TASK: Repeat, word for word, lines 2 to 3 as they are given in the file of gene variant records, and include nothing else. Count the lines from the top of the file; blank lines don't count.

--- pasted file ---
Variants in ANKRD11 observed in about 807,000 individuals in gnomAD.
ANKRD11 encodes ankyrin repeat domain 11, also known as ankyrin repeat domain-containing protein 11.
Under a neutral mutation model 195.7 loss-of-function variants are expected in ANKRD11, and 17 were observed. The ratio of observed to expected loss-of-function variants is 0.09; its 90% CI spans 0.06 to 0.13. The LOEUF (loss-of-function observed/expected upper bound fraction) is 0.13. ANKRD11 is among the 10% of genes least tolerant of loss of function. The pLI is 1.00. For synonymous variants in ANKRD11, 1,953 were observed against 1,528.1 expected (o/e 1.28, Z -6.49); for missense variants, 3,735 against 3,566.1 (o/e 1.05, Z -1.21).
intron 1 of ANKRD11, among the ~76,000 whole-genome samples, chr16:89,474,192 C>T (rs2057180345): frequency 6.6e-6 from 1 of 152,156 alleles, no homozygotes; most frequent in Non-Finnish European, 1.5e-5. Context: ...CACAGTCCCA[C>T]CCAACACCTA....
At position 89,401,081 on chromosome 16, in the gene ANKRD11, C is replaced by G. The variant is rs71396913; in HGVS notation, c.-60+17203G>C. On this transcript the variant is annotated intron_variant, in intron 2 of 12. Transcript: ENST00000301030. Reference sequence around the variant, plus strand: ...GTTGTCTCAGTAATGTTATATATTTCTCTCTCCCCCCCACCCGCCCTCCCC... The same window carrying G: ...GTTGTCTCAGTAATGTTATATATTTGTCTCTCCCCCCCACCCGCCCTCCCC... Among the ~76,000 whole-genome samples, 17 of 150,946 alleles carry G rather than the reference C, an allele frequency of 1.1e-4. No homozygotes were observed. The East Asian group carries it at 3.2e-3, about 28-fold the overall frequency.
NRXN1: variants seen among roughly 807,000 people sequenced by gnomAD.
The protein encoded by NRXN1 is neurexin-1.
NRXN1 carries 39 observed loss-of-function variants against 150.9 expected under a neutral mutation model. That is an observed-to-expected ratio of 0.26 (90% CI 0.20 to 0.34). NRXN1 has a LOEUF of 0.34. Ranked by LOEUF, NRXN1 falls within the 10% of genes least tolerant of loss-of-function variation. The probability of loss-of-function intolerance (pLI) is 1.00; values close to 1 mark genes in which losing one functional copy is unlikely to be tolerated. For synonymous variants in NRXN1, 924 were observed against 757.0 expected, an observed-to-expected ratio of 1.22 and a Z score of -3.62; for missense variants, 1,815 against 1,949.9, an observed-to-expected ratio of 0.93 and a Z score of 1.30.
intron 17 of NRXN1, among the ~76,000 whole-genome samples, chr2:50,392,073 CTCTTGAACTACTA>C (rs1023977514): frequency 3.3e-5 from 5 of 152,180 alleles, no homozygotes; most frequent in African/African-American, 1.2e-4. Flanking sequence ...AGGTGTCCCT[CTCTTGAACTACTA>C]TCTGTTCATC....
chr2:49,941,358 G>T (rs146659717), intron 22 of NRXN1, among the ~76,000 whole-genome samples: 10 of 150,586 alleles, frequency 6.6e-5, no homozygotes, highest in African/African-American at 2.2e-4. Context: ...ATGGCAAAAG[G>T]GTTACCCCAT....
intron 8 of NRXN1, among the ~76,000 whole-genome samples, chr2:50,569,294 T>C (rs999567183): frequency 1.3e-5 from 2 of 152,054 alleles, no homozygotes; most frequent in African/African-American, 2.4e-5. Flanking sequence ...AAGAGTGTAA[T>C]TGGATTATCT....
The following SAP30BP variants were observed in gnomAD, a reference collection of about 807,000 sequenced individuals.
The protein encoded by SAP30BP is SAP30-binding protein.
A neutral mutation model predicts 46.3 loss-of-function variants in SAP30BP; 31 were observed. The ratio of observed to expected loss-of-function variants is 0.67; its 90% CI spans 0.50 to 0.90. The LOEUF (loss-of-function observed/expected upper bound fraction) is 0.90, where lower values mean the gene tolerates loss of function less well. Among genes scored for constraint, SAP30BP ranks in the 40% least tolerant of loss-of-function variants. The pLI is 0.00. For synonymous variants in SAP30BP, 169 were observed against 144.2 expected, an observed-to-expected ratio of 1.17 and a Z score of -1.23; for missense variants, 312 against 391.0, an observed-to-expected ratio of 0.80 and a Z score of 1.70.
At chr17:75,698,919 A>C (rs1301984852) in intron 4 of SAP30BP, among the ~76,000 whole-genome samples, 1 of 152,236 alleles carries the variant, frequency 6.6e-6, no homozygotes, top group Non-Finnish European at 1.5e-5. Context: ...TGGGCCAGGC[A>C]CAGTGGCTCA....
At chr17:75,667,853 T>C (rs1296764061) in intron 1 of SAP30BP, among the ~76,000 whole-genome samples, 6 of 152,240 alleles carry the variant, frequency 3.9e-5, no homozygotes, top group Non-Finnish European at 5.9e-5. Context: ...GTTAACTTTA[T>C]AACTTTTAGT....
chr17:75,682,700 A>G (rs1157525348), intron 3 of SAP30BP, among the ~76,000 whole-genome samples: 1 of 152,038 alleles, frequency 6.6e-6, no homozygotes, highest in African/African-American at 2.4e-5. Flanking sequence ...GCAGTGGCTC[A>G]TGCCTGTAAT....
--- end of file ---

ANKRD11 encodes ankyrin repeat domain 11, also known as ankyrin repeat domain-containing protein 11.
Under a neutral mutation model 195.7 loss-of-function variants are expected in ANKRD11, and 17 were observed. The ratio of observed to expected loss-of-function variants is 0.09; its 90% CI spans 0.06 to 0.13. The LOEUF (loss-of-function observed/expected upper bound fraction) is 0.13. ANKRD11 is among the 10% of genes least tolerant of loss of function. The pLI is 1.00. For synonymous variants in ANKRD11, 1,953 were observed against 1,528.1 expected (o/e 1.28, Z -6.49); for missense variants, 3,735 against 3,566.1 (o/e 1.05, Z -1.21).